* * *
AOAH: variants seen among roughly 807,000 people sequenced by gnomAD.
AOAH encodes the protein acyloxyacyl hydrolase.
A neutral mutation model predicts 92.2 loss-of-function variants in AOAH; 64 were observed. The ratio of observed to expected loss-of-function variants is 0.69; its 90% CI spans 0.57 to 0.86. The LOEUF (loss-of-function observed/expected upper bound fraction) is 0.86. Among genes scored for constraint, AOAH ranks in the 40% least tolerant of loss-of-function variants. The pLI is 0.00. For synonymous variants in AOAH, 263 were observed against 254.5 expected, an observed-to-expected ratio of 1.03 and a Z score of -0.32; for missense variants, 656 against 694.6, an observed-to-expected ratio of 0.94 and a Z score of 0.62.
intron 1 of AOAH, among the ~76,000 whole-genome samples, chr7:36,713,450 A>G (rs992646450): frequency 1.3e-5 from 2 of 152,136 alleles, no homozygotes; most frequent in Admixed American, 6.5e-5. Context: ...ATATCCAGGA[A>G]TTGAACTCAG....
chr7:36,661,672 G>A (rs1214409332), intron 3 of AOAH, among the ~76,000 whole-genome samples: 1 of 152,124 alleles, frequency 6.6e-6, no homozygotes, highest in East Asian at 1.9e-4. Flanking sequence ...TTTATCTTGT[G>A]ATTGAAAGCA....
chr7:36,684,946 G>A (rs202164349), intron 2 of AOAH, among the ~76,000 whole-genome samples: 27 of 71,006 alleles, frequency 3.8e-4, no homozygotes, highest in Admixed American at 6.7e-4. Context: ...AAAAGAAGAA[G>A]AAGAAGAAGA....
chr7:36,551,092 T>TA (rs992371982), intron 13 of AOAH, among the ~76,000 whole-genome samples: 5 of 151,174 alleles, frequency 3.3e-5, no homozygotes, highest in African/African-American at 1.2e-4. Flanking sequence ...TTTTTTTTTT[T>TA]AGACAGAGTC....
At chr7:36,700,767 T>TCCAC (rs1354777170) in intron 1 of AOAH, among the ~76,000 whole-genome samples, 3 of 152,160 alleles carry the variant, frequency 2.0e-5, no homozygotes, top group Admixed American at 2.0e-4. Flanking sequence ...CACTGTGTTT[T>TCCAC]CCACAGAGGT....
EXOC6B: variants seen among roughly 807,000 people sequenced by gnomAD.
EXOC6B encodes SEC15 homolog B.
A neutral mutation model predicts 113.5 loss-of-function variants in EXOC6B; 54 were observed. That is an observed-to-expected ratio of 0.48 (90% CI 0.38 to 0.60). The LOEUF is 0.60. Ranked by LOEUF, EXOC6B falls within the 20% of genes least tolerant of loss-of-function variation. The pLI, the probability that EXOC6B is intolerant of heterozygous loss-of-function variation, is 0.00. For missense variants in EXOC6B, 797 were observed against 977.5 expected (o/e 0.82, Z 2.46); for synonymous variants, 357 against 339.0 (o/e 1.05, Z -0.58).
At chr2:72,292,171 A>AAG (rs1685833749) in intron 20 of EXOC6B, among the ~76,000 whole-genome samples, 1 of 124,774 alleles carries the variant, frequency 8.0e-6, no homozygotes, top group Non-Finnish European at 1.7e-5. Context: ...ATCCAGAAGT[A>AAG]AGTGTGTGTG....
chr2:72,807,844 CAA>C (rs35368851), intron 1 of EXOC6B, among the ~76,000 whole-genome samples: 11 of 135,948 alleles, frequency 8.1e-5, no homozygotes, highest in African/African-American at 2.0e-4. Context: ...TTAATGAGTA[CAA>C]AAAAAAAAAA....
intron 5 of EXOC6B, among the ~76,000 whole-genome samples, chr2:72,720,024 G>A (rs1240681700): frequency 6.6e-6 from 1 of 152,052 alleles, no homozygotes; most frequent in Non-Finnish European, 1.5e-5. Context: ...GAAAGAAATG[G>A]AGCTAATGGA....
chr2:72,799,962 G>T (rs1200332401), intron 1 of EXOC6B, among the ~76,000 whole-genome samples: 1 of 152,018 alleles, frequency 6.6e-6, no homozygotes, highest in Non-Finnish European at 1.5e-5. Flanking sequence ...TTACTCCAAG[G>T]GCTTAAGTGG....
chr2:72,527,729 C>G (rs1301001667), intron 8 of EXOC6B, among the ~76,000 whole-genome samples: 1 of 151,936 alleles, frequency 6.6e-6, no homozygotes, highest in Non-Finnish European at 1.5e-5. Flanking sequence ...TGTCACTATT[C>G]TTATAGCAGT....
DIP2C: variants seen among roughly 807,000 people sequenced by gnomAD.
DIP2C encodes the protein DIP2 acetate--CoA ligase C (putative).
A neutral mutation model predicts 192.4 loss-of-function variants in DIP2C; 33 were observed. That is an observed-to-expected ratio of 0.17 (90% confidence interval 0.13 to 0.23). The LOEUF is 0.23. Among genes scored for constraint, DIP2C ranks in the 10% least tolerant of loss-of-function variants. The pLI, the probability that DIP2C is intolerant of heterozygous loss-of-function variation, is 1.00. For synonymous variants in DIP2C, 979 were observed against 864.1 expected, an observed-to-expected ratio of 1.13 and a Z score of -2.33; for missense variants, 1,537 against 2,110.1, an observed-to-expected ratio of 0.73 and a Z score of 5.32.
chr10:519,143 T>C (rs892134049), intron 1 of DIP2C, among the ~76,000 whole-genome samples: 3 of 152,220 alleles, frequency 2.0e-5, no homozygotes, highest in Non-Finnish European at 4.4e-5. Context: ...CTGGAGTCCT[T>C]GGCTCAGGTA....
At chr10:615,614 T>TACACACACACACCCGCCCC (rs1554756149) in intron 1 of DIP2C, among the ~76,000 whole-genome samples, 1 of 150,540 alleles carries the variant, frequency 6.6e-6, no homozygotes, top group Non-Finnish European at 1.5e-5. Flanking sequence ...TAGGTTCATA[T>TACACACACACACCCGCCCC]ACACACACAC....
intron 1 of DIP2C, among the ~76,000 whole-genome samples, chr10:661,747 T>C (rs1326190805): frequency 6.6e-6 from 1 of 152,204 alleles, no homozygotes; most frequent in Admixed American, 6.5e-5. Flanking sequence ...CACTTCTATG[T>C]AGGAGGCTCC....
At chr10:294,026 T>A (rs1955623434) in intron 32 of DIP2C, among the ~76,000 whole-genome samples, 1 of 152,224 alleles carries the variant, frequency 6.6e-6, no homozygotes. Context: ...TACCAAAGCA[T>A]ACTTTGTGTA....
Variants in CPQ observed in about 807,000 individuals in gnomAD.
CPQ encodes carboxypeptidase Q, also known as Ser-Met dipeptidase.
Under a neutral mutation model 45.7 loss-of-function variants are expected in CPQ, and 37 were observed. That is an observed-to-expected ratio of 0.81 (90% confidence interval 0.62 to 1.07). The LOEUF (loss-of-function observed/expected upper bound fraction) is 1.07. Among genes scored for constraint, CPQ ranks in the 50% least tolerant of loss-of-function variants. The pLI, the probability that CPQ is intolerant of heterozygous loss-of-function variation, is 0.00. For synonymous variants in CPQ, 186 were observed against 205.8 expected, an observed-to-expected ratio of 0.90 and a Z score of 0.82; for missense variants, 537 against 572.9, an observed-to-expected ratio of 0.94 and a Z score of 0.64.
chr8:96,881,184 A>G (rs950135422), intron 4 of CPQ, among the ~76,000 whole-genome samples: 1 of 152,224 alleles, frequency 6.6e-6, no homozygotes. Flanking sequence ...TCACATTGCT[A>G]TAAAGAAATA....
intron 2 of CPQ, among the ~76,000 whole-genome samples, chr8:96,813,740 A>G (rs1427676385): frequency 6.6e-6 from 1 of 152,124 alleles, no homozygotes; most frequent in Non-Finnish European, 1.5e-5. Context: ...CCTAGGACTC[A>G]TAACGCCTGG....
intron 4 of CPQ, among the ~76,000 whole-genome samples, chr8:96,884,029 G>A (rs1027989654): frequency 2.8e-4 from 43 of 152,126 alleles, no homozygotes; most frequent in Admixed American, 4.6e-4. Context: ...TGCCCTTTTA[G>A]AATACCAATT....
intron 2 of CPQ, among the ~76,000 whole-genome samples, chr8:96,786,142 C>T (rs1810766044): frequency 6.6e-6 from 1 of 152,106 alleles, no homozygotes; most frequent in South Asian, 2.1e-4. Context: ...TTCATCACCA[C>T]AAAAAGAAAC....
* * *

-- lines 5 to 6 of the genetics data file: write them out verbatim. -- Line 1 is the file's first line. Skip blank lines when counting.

chr7:36,661,672 G>A (rs1214409332), intron 3 of AOAH, among the ~76,000 whole-genome samples: 1 of 152,124 alleles, frequency 6.6e-6, no homozygotes, highest in East Asian at 1.9e-4. Flanking sequence ...TTTATCTTGT[G>A]ATTGAAAGCA....
chr7:36,684,946 G>A (rs202164349), intron 2 of AOAH, among the ~76,000 whole-genome samples: 27 of 71,006 alleles, frequency 3.8e-4, no homozygotes, highest in Admixed American at 6.7e-4. Context: ...AAAAGAAGAA[G>A]AAGAAGAAGA....